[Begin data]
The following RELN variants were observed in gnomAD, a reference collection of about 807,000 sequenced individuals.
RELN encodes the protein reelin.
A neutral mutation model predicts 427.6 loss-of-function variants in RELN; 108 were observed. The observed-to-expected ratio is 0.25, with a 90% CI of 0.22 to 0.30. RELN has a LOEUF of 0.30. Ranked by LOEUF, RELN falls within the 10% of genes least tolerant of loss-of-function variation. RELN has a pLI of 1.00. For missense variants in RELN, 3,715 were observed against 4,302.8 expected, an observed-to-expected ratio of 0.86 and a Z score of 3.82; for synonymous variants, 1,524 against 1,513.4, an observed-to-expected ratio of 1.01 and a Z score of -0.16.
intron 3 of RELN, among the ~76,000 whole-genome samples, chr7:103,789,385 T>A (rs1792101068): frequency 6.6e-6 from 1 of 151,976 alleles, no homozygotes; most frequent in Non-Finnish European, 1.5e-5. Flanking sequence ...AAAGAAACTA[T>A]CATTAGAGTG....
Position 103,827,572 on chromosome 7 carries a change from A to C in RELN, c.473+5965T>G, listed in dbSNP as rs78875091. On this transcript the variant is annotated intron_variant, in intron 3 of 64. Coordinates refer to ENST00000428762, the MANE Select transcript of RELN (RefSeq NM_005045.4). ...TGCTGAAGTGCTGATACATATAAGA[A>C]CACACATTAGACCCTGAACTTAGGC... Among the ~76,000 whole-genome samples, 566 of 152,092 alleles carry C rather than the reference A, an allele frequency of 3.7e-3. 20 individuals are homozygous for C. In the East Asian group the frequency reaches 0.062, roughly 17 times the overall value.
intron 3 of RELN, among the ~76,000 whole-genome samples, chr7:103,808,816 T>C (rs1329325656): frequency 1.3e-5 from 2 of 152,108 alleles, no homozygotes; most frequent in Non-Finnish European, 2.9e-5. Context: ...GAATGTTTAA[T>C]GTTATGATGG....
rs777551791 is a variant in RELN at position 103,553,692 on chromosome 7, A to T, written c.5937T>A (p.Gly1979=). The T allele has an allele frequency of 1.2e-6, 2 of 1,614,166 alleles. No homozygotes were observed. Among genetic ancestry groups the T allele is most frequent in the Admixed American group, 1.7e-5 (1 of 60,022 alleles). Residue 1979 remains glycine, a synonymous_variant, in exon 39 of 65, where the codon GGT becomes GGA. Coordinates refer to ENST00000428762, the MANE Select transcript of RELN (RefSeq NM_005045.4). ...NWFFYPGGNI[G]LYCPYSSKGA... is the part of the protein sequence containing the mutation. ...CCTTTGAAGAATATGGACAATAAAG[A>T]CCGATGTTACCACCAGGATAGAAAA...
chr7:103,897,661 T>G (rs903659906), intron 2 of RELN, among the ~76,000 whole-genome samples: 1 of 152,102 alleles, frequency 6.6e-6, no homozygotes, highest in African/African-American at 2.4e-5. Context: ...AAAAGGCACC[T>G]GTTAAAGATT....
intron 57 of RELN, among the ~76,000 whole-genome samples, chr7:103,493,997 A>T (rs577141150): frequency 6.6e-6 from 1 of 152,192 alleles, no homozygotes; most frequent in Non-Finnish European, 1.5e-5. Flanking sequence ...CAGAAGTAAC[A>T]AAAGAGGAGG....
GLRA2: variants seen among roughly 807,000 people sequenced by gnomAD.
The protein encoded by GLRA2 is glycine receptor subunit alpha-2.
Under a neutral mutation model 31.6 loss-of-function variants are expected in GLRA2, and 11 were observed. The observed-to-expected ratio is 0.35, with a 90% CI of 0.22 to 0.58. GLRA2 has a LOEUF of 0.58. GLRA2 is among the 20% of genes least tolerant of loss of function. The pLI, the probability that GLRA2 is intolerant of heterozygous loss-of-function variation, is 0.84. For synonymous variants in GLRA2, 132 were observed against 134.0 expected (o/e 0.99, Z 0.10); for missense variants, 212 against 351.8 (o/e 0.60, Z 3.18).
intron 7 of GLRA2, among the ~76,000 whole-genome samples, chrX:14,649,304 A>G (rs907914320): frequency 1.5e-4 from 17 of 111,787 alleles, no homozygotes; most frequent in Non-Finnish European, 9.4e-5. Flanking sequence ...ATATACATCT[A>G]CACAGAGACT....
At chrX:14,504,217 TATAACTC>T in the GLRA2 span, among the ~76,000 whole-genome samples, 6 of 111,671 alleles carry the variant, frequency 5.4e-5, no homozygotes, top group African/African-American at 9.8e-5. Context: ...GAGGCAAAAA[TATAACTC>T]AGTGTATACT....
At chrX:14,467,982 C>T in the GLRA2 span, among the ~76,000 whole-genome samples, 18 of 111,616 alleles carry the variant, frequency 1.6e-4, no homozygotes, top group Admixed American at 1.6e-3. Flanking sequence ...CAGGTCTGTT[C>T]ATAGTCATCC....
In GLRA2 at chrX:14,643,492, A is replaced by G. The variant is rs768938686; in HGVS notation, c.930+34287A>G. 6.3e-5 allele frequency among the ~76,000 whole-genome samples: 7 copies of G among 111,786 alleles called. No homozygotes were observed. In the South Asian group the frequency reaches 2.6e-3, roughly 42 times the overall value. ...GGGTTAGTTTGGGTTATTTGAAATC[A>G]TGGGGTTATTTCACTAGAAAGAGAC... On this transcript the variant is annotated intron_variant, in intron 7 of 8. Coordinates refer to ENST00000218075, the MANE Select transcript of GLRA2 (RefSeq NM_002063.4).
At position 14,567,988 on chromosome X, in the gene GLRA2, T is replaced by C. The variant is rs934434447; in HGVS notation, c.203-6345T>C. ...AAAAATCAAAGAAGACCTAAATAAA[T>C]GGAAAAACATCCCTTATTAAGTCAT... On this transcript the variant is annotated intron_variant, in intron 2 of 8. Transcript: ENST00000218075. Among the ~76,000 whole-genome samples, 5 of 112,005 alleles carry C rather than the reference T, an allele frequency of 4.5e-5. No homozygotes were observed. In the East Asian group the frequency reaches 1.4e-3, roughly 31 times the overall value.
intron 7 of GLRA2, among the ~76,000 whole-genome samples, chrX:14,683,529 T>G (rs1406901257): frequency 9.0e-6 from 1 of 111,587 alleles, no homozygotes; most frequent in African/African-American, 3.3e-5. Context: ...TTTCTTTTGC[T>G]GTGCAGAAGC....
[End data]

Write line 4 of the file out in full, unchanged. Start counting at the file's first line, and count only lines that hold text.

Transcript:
intron 3 of RELN, among the ~76,000 whole-genome samples, chr7:103,789,385 T>A (rs1792101068): frequency 6.6e-6 from 1 of 151,976 alleles, no homozygotes; most frequent in Non-Finnish European, 1.5e-5. Flanking sequence ...AAAGAAACTA[T>A]CATTAGAGTG....